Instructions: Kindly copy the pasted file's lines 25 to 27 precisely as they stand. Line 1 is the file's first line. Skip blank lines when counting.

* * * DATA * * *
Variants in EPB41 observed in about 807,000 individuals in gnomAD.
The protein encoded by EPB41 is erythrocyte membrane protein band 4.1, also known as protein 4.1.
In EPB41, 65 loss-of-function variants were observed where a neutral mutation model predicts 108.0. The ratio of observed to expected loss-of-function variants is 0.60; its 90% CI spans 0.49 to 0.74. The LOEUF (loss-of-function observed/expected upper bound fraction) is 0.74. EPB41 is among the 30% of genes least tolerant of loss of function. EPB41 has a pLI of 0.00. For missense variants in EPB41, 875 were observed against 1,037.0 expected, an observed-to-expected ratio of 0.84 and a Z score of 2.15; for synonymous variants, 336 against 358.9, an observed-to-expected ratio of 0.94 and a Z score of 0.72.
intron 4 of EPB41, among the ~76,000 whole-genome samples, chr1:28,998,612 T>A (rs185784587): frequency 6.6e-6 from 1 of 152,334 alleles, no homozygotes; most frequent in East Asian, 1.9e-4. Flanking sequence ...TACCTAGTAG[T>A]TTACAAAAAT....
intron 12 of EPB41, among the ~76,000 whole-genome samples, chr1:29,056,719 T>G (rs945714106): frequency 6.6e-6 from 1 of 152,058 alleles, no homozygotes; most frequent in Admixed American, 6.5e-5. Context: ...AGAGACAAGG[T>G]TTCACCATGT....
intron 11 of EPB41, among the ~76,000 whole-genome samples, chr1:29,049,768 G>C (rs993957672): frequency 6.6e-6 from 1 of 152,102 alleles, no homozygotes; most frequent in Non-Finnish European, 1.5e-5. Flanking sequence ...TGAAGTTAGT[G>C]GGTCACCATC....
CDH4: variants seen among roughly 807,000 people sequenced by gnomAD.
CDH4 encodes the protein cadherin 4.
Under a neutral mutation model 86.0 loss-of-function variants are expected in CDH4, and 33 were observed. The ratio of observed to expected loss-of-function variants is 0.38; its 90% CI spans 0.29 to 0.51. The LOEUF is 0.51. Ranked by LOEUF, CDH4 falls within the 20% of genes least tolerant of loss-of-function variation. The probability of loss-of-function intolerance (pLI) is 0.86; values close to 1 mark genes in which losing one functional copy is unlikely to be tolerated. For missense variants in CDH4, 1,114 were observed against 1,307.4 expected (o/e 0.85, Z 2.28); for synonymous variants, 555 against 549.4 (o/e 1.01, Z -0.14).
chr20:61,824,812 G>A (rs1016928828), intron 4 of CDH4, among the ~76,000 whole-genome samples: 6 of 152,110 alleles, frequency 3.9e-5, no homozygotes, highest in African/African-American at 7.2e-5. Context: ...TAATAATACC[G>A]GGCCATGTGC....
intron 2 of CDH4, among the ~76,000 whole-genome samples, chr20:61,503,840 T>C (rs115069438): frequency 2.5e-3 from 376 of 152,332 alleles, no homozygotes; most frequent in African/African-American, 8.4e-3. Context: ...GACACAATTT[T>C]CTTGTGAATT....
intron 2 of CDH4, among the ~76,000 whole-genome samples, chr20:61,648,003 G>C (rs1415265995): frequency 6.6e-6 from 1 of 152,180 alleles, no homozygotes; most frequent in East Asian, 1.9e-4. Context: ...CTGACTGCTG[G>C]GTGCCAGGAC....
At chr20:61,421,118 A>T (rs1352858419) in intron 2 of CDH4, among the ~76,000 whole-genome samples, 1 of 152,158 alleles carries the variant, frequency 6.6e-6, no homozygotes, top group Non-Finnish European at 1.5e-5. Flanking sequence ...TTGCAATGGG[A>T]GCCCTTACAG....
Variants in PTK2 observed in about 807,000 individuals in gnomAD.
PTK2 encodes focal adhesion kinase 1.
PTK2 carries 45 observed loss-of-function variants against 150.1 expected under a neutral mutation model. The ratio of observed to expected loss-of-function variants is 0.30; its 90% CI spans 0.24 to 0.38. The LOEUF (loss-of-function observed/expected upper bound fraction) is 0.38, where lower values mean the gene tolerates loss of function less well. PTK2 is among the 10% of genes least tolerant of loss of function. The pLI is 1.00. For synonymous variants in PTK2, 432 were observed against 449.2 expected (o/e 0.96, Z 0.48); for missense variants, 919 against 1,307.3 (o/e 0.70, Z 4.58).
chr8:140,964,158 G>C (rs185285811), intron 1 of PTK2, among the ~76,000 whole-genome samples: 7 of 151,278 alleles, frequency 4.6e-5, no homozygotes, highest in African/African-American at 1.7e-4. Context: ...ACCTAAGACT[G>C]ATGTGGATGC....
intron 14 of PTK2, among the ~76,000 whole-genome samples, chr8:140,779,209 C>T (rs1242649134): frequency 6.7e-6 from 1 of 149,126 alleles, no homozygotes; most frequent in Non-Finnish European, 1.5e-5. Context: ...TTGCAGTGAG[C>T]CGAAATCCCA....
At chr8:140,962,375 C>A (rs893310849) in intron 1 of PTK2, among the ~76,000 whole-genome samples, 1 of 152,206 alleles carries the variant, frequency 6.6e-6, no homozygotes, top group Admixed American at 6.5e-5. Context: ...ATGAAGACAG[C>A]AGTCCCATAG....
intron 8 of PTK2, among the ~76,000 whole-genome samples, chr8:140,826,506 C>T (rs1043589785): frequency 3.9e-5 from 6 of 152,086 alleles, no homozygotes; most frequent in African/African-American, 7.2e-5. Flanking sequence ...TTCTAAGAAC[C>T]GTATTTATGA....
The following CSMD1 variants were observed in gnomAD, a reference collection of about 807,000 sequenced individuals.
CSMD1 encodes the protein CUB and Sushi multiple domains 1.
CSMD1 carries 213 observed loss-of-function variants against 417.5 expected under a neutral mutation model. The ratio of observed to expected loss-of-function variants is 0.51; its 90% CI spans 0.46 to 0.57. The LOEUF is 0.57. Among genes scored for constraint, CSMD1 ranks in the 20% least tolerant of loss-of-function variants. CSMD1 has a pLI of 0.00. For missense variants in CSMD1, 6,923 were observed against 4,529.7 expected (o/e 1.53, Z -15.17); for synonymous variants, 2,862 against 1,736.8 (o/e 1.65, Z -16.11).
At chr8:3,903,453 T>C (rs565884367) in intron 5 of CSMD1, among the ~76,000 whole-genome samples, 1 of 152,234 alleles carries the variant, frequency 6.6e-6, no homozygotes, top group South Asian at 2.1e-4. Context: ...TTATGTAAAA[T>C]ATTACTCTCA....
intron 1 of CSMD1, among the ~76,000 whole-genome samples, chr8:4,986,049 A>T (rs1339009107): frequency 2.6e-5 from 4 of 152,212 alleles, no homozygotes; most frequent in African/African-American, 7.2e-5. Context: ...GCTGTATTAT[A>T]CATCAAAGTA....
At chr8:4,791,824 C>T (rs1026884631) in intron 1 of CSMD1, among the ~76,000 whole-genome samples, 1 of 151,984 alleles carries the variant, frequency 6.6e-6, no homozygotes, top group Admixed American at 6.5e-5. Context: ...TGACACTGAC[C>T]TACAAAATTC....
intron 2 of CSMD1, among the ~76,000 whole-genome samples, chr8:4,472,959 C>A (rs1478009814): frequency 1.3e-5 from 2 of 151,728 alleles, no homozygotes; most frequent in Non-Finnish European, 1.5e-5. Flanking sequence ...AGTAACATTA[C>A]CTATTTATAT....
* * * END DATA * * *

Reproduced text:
intron 1 of CSMD1, among the ~76,000 whole-genome samples, chr8:4,986,049 A>T (rs1339009107): frequency 2.6e-5 from 4 of 152,212 alleles, no homozygotes; most frequent in African/African-American, 7.2e-5. Context: ...GCTGTATTAT[A>T]CATCAAAGTA....
At chr8:4,791,824 C>T (rs1026884631) in intron 1 of CSMD1, among the ~76,000 whole-genome samples, 1 of 151,984 alleles carries the variant, frequency 6.6e-6, no homozygotes, top group Admixed American at 6.5e-5. Context: ...TGACACTGAC[C>T]TACAAAATTC....
intron 2 of CSMD1, among the ~76,000 whole-genome samples, chr8:4,472,959 C>A (rs1478009814): frequency 1.3e-5 from 2 of 151,728 alleles, no homozygotes; most frequent in Non-Finnish European, 1.5e-5. Flanking sequence ...AGTAACATTA[C>A]CTATTTATAT....